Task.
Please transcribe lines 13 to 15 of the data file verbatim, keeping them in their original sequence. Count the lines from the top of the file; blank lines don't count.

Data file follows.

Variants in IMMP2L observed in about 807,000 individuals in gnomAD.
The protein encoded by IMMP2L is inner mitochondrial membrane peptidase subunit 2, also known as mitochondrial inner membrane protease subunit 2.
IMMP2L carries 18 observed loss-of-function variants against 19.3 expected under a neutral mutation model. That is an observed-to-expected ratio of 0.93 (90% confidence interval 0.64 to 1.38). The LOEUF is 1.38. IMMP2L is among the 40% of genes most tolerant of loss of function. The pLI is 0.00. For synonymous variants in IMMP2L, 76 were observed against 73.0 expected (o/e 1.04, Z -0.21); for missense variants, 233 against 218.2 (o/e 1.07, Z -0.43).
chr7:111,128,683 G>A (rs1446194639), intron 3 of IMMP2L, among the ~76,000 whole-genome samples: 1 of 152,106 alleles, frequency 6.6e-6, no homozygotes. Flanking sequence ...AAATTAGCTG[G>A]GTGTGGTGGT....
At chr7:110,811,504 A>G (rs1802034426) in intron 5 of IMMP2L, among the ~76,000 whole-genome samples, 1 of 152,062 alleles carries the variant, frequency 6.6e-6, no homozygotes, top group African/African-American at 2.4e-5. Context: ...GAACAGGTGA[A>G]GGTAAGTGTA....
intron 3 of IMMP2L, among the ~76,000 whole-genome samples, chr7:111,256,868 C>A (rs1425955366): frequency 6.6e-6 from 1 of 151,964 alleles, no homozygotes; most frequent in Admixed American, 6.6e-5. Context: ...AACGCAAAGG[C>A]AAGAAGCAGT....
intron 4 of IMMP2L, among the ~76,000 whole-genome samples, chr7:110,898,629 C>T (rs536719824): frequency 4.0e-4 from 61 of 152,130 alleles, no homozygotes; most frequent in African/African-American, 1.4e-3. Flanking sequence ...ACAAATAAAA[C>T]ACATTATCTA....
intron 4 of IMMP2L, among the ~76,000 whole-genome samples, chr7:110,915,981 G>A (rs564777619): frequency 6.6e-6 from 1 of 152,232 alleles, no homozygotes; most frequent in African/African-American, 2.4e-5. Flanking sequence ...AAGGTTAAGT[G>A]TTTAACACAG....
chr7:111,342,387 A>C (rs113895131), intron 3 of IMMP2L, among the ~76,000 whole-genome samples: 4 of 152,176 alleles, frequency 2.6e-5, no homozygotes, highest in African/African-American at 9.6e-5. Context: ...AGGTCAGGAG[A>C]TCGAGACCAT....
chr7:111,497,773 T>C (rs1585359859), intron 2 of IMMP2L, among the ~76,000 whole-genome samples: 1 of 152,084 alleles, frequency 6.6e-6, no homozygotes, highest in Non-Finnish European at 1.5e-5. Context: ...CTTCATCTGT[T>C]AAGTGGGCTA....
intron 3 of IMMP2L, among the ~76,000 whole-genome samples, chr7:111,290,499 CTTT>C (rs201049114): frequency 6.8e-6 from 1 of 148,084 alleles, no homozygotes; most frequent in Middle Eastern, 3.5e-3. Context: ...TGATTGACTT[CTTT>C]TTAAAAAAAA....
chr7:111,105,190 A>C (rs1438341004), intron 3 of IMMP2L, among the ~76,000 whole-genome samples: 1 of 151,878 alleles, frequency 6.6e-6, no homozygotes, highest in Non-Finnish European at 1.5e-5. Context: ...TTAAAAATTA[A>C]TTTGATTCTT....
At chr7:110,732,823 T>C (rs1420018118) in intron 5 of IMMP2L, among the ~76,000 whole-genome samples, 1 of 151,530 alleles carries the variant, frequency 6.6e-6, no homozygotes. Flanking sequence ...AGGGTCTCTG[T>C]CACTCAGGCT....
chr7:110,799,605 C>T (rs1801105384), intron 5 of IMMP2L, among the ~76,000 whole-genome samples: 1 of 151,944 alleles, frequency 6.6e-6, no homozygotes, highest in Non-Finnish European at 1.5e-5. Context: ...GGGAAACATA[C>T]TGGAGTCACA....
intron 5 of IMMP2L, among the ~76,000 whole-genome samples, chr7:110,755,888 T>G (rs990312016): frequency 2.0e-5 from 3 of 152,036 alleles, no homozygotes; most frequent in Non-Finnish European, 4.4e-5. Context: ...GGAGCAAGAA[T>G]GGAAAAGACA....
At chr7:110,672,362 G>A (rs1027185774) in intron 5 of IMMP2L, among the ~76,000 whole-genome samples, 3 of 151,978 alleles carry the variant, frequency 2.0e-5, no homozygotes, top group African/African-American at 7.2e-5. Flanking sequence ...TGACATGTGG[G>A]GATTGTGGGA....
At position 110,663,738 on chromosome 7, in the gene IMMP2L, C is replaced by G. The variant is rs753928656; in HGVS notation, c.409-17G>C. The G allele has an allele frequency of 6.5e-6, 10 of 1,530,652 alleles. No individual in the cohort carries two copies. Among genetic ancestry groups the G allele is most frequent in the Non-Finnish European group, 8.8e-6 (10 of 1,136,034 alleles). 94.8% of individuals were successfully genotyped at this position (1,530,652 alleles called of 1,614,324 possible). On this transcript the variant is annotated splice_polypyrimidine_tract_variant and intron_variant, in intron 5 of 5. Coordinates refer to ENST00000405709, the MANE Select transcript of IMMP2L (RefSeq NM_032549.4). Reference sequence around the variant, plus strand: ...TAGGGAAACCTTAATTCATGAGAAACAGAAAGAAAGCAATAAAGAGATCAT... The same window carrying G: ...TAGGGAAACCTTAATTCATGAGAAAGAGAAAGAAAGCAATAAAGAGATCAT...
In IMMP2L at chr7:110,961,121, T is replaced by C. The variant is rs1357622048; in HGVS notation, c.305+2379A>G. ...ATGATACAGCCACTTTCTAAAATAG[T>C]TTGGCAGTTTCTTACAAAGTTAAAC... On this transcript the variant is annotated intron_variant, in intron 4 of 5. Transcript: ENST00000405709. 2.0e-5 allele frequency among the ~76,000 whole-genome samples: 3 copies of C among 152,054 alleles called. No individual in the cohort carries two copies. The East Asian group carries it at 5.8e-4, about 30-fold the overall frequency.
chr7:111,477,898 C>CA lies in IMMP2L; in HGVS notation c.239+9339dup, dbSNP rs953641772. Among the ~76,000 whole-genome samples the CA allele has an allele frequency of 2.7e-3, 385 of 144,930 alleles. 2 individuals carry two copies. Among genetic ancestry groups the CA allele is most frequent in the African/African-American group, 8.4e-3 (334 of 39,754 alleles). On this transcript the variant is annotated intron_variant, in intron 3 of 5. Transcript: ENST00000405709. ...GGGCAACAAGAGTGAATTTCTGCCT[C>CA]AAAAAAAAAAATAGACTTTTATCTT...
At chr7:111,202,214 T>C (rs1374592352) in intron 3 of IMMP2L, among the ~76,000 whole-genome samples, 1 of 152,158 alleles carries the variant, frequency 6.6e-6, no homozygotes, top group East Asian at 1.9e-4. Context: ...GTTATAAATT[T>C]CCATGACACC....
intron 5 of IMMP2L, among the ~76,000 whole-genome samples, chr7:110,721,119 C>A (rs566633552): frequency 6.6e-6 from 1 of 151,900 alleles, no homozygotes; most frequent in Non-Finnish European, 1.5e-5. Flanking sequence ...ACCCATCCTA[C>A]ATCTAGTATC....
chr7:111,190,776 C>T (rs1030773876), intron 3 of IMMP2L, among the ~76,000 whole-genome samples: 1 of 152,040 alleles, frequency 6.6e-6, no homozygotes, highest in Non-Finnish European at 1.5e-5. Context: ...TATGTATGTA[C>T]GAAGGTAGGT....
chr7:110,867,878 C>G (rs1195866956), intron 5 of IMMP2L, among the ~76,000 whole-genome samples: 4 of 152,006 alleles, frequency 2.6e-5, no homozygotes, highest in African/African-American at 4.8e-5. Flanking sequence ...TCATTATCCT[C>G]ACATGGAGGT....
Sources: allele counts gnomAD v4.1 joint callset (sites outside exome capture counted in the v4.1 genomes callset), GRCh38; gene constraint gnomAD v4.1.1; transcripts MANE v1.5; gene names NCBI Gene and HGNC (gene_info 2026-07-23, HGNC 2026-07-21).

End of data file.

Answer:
At chr7:110,732,823 T>C (rs1420018118) in intron 5 of IMMP2L, among the ~76,000 whole-genome samples, 1 of 151,530 alleles carries the variant, frequency 6.6e-6, no homozygotes. Flanking sequence ...AGGGTCTCTG[T>C]CACTCAGGCT....
chr7:110,799,605 C>T (rs1801105384), intron 5 of IMMP2L, among the ~76,000 whole-genome samples: 1 of 151,944 alleles, frequency 6.6e-6, no homozygotes, highest in Non-Finnish European at 1.5e-5. Context: ...GGGAAACATA[C>T]TGGAGTCACA....
intron 5 of IMMP2L, among the ~76,000 whole-genome samples, chr7:110,755,888 T>G (rs990312016): frequency 2.0e-5 from 3 of 152,036 alleles, no homozygotes; most frequent in Non-Finnish European, 4.4e-5. Context: ...GGAGCAAGAA[T>G]GGAAAAGACA....